Remains of 573 Greek soldiers that fell during WWII battle interred in military cemetery in Albania
The remains of 573 Greek soldiers that fell during the Greek-Italian war in 1940-41 were interred on Friday during a solemn religious ceremony at a military cemetery near the small southern Albanian village of Dragot.
The village is close to the Këlcyrë Gorge (Kleisoura Pass), where a bloody battle was fought in January 1941.
Burying the remains of Greek servicemen who died during the WWII conflict in designated military cemeteries close to the battlefields where they fell has been a pressing demand by Athens towards Albanian authorities for several decades. A more-or-less comprehensive agreement was recently reached by the two countries’ foreign ministers.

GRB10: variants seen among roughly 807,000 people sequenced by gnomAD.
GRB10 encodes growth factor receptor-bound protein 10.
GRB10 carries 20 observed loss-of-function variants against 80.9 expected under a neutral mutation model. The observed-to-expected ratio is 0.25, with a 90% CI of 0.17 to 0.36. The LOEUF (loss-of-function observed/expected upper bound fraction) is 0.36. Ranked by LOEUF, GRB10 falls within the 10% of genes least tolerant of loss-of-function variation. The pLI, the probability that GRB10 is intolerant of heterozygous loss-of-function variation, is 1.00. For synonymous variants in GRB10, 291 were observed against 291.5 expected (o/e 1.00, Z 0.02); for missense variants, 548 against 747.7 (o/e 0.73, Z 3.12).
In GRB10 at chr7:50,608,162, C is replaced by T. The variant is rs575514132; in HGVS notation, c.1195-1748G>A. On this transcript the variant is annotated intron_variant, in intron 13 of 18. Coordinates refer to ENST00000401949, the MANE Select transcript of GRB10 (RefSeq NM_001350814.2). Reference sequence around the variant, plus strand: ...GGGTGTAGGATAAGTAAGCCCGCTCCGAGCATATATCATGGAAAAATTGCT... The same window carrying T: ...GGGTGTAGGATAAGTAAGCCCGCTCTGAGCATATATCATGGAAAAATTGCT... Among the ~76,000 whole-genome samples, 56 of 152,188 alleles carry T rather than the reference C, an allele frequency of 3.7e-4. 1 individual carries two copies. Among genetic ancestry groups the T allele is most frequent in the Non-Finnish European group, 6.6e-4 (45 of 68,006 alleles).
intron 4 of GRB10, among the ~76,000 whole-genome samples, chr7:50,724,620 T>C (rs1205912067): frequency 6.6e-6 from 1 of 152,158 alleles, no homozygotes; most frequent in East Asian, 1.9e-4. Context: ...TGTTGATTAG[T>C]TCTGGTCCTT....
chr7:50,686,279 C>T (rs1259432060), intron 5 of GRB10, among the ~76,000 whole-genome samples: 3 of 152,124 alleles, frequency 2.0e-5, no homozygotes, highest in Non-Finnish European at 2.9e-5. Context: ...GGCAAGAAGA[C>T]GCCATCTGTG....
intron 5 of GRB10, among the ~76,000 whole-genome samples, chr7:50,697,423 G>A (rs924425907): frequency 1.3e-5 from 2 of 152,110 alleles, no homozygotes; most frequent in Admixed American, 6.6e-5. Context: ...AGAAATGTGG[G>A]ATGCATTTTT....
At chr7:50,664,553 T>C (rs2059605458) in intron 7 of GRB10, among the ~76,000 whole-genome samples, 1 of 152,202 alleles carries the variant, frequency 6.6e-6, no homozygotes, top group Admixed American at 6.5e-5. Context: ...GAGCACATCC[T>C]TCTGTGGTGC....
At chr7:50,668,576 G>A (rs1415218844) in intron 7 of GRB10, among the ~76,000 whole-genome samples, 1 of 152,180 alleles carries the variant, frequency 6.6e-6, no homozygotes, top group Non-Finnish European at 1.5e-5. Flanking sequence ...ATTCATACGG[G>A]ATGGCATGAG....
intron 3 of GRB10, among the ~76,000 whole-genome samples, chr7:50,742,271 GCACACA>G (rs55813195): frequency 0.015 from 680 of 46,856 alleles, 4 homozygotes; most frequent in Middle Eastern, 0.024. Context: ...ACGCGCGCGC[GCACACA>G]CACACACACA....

Excavation and identification efforts began at the Kleisoura Pass vicinity last January, with the remains of roughly 700 soldiers discovered in hastily dug battlefield graves, practically all without markings.
The remains of another 100 fallen Greek soldiers on Albanian soil were interred last July at a military cemetery in the village of Vouliarates.
Friday’s memorial service was officiated by the Orthodox Metropolitan of Gjirokastër, Demetrios, and was attended by Greece’s ambassador to Tirana, Eleni Sourani, local political leaders and members of the excavation team.
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